United Nations.- By Apostolos Zoupaniotis
UN Secretary General Ban Ki-moon moved in on Wednesday to save the stalled Cyprus negotiations from collapsing, following the failure of the talks in Mont Pelerin to produce an agreement on the territorial adjustments. After received a briefing from his Special Advisor Espen Barth Eide on Tuesday, Ban Ki-moon issued a statement encouraging the leaders of the two communities in Cyprus, President Nicos Anastasiades and Turkish Cypriot leader Mustafa Akinci, to do their utmost to overcome the hurdle of lack of agreement on the criteria for territorial adjustment in Mont Pèlerin, Switzerland.
Ban Ki-moon deploys Espen Barth Eide back to Cyprus on Sunday, to have discussions with the two leaders and find a way to overcome the problem. Meanwhile Mr Ban spoke later in the afternoon with both President Anastasiades and Mr Akinci offering his good offices to assist in any way the two leaders wish in order to move the peace process forward, as it stated in a UN readout about the phone calls.
“The Secretary-General called on both leaders to reflect on the situation following the impasse they had reached and to carefully consider the next steps in order to bring the process back on track.
The Secretary-General emphasized that it was not uncommon for peace processes to be confronted with crises, particularly at the last difficult stretch. The Secretary-General encouraged Mr. Anastasiades and Mr. Akıncı to rise above the mounting pressures and be courageous in overcoming the challenges.
The Secretary-General recalled the common determination and vision both leaders shared when he met them at the opening of the first round of the talks at Mont Pelerin, Switzerland on 7 November. The Secretary-General encouraged Mr. Anastasiades and Mr. Akıncı to continue the negotiations and strive to achieve an agreement this year for the sake of future generations.”
Meanwhile U.S. Vice President Biden also held telephome conversations with President Nicos Anastasiades and Turkish Cypriot Leader Mustafa Akinci. According to a readout issued by the White House, “The Vice President encouraged the leaders to continue negotiations and expressed his confidence in the leaders’ ability to secure a settlement that would reunify Cyprus as a bizonal, bicommunal federation to the benefit of all Cypriots.”
UNSG ‘S STATEMENT
In his statement the SG reminds them that temporary set-backs are not uncommon in peace processes as talks approach a final stage. And he urged “all interested parties to avoid any statements and actions that would make the resumption of talks more difficult.”
“He calls on all interested parties, especially the guarantor powers Greece, Turkey and the United Kingdom, to do their utmost to support the leaders during the coming days and weeks, which will be crucial for the negotiations and the future of Cyprus.”
It is pointed out that Ban Ki-moon will be in contact with both leaders soon to discuss the next steps.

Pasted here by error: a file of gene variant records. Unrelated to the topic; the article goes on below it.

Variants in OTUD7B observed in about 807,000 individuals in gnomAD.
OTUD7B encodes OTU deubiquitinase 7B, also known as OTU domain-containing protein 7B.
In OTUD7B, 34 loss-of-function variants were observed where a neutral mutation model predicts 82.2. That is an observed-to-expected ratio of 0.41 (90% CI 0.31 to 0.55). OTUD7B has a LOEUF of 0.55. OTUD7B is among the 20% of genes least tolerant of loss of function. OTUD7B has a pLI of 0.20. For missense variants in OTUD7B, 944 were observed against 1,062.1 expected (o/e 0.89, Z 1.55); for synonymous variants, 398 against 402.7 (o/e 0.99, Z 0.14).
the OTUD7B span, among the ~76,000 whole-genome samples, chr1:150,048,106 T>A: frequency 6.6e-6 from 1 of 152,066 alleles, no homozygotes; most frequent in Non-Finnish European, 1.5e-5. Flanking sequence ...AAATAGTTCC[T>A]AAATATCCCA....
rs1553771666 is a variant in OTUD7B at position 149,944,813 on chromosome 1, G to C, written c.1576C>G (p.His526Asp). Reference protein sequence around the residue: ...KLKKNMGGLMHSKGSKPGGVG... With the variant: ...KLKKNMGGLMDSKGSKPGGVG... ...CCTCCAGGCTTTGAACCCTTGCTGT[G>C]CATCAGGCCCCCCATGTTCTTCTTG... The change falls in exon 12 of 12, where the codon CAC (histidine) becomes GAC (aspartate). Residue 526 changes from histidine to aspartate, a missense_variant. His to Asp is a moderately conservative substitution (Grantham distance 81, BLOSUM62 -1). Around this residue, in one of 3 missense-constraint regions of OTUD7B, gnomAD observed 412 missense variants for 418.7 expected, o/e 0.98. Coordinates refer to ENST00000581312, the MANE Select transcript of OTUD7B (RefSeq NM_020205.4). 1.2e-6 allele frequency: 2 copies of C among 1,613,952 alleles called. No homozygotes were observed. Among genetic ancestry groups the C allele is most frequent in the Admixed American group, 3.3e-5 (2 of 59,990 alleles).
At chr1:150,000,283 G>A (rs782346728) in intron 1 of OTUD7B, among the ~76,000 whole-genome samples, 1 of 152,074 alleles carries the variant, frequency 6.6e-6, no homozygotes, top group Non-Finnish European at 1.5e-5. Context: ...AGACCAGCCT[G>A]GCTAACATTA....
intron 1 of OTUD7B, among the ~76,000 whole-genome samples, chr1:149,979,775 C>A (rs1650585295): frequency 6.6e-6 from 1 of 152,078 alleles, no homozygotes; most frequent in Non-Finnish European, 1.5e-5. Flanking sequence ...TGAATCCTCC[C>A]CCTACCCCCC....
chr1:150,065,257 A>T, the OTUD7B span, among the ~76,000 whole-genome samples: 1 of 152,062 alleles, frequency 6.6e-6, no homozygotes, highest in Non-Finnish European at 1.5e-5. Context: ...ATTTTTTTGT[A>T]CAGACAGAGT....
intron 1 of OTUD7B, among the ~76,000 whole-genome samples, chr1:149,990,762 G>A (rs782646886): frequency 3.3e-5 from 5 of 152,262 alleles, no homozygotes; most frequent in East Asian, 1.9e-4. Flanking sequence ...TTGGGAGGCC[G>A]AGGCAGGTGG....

According to the statement, Ban has been updated by his Special Adviser on Cyprus Espen Barth Eide, about the outcome of the talks that took place in Mont Pèlerin, Switzerland, on 7-11 November and 20-21 November.
“Despite the best efforts of Mr. Anastasiades and Mr. Akıncı, the talks did not yield the desired results regarding agreement on the criteria for territorial adjustment and they decided they would return to Cyprus to reflect on the way forward,” the statement reads.
The Secretary-General, it adds, “shares the disappointment of the two leaders who had hoped that the meetings in Mont Pèlerin would pave the way for the final phase of the talks.”
It is further pointed out that “on the same night of 21 November, thousands of people from both communities gathered in the buffer zone in Nicosia in support of the leaders’ shared vision of a united homeland.”
The Secretary-General is “confident of the leaders’ continued desire to deliver on these expectations with a mutually beneficial solution. Cypriots deserve nothing less,” the statement says.
Ban “encourages Mr. Akıncı and Mr. Anastasiades to do their utmost to overcome also this particular hurdle and conclude the promising work that they had undertaken in Mont Pèlerin.”
They have made, it is added, “significant progress across chapters over the past eighteen months, advancing their talks further than ever before.”
According to the UN official “they should continue to build upon their substantial achievements.”
The Secretary-General urges “the leaders to continue their efforts in line with their shared commitment to do their utmost in order to reach a settlement in 2016.” Especially, the statement adds, “in a region and in a world marked by increasing tension, they must not let this historic opportunity slip.”
The Secretary-General reiterates “his full support and the commitment of the United Nations to assist the two leaders in reaching their shared goal, while respecting that the future of Cyprus will be determined by Cypriots, for all Cypriots.”
“He will be in contact with both leaders soon to discuss the next steps,” the statement says, adding that he is in close contact with his Special Adviser who is currently assessing the situation.
The Secretary-General “urges all interested parties to avoid any statements and actions that would make the resumption of talks more difficult.”
He reminds them that “temporary set-backs are not uncommon in peace processes as talks approach a final stage.”